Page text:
Introduction | History of Representationalism | Criticisms of Representationalism
Representationalism (also known as Representative Realism or Indirect Realism or Epistemological Dualism or the Representative Theory of Perception) is the philosophical position that the world we see in conscious experience is not the real world itself, but merely a miniature virtual-reality replica of that world in an internal representation. Thus, we know only our ideas or interpretations of objects in the world, because a barrier (or veil of perception) between the mind and the existing world prevents first-hand knowledge of anything beyond it.
Unlike Idealism, Representationalism holds that our ideas come from sense data (or images) of a real, material, external world (Realism), but that the immediate (direct) object of perception is only sense data that represents the external object. It approaches perception from a similar point of view to Phenomenalism. It also entails a type of Dualism, such as that of Descartes.
Representationalists argue their case from the "epistemological fact" that it is impossible to have experience beyond the sensory surface, from the fact that dreams, hallucinations and visual illusions clearly indicate that the world of experience is not the same thing as the world itself, and from the evidence of phenomenal perspective (the curvature of perceived space, such as the apparent convergence of parallel road-sides, for example) which, they argue, is clearly not a property of the world itself, only of our perceptual representation of it.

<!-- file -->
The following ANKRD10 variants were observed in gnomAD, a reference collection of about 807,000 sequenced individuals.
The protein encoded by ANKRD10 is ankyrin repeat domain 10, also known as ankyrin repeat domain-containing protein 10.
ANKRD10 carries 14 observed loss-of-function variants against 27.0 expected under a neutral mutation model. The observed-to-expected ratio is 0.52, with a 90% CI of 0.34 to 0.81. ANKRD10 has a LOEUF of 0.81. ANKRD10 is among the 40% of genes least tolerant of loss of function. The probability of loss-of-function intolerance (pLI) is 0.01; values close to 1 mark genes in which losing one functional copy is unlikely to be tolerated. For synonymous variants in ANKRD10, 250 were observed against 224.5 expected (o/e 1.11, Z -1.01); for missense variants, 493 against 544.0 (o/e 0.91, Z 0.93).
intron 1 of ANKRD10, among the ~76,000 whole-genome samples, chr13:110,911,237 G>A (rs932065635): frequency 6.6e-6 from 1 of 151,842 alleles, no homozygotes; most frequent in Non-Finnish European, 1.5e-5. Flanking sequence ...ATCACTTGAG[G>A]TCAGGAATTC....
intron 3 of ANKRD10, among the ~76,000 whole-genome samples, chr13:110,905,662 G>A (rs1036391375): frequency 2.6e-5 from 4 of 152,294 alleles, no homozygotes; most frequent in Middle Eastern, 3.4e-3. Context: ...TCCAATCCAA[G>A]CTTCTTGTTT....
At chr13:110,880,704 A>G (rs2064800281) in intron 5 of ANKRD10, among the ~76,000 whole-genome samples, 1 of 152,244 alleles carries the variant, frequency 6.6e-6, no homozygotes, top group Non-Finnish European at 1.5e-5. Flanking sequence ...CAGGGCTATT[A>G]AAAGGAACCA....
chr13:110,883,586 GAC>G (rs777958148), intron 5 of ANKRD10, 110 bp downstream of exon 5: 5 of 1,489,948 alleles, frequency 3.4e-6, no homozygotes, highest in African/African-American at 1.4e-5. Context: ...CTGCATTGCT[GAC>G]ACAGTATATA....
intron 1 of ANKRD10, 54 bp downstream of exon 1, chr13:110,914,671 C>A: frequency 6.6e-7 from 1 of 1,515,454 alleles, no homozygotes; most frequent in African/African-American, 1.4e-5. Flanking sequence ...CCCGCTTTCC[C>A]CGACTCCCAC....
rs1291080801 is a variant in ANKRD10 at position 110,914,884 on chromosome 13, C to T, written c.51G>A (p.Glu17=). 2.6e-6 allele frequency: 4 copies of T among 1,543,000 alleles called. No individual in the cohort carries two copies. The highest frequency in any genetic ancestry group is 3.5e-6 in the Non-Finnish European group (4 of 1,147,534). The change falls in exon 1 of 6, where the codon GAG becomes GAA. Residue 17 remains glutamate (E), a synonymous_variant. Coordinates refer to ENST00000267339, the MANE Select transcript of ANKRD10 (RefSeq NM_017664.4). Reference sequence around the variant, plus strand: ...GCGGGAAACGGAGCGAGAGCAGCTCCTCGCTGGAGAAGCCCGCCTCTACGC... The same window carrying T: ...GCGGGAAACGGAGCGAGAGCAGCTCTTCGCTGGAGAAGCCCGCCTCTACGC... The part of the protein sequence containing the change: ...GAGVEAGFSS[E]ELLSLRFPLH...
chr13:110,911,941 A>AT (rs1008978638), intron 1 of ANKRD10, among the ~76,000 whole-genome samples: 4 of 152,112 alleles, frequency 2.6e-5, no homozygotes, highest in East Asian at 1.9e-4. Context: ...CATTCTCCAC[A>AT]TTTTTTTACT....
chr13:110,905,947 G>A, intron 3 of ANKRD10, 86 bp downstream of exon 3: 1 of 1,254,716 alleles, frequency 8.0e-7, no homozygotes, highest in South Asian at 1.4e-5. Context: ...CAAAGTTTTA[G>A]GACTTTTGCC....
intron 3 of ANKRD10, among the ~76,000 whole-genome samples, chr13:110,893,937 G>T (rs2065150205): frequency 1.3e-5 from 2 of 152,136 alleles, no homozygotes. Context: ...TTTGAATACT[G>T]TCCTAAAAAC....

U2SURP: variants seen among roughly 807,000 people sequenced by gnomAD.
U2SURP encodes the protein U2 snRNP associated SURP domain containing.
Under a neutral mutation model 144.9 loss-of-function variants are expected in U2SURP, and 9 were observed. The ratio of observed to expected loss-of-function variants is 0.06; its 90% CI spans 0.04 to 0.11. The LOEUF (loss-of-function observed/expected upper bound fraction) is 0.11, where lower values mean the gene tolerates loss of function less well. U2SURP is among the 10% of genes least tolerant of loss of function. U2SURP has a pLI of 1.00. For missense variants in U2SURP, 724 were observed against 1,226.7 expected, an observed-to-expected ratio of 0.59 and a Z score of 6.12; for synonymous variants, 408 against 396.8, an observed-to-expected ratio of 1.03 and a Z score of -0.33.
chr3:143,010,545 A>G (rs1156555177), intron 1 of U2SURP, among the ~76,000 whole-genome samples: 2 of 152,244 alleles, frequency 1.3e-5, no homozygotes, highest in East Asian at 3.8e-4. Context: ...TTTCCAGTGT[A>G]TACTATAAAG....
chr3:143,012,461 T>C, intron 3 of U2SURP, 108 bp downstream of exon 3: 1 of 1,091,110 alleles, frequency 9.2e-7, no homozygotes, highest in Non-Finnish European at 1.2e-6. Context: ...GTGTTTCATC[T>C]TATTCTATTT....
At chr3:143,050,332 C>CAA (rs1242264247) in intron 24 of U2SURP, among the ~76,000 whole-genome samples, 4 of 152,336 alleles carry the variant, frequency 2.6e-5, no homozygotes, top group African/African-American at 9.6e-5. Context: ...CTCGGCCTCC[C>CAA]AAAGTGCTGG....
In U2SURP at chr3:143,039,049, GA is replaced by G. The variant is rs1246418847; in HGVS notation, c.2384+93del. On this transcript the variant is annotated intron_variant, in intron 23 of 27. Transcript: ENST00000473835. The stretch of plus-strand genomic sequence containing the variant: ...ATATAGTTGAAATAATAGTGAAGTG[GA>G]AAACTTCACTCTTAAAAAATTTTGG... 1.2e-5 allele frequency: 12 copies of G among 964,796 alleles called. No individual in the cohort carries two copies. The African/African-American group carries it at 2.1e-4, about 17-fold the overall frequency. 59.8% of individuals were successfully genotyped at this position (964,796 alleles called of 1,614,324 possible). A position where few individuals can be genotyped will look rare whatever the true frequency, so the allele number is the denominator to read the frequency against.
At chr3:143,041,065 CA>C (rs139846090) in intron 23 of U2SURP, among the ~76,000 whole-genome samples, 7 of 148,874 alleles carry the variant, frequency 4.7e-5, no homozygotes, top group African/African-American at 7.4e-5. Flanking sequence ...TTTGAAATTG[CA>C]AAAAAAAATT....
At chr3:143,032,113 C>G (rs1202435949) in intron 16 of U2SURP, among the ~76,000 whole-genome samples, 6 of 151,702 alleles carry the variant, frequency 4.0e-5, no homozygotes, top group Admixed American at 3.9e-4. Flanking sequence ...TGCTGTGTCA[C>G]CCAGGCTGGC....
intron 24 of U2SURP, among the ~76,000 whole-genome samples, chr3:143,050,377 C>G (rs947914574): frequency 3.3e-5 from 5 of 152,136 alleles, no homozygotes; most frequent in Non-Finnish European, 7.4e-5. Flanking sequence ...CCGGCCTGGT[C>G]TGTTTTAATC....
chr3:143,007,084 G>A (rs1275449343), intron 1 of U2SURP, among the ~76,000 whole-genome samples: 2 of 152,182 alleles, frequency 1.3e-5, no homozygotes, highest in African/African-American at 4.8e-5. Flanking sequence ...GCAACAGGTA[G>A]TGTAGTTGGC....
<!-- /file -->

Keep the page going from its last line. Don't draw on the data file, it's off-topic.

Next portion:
Aristotle, in his work "On the Soul", was the first to describe how the eye must be affected by changes in an intervening medium rather than by objects themselves, and he reasons that, in order to avoid an infinite regress, the senses themselves must be self-aware.
The 17th Century philosopher John Locke was the most prominent advocate of this theory. He asserted that there are primary qualities which are "explanatorily basic" in that they can be referred to as the explanation for other qualities or phenomena without requiring explanation themselves (similar to the concept of Foundationalism), and that these qualities are distinct in that our sensory experience of them resembles them in reality. Secondary qualities (including color, smell and taste) are those which one's experience does not directly resemble.
- Skeptics object that, since we only have knowledge of the representations of our perceptions, how is it possible to know for sure that they resemble in any significant way the objects to which they are supposed to correspond?
- If perception involves "pictures in your head", then who is it that is viewing those pictures (a homunculus?), and would it not result in an infinite regress of observers within observers?
- How can this theory be consistent with neurophysiology which presents the brain as an assembly of billions of discrete quasi-independent local processors interconnected in a massively parallel network?
- Even if there is a spatial representation in the brain, why (and how) should it be conscious of itself?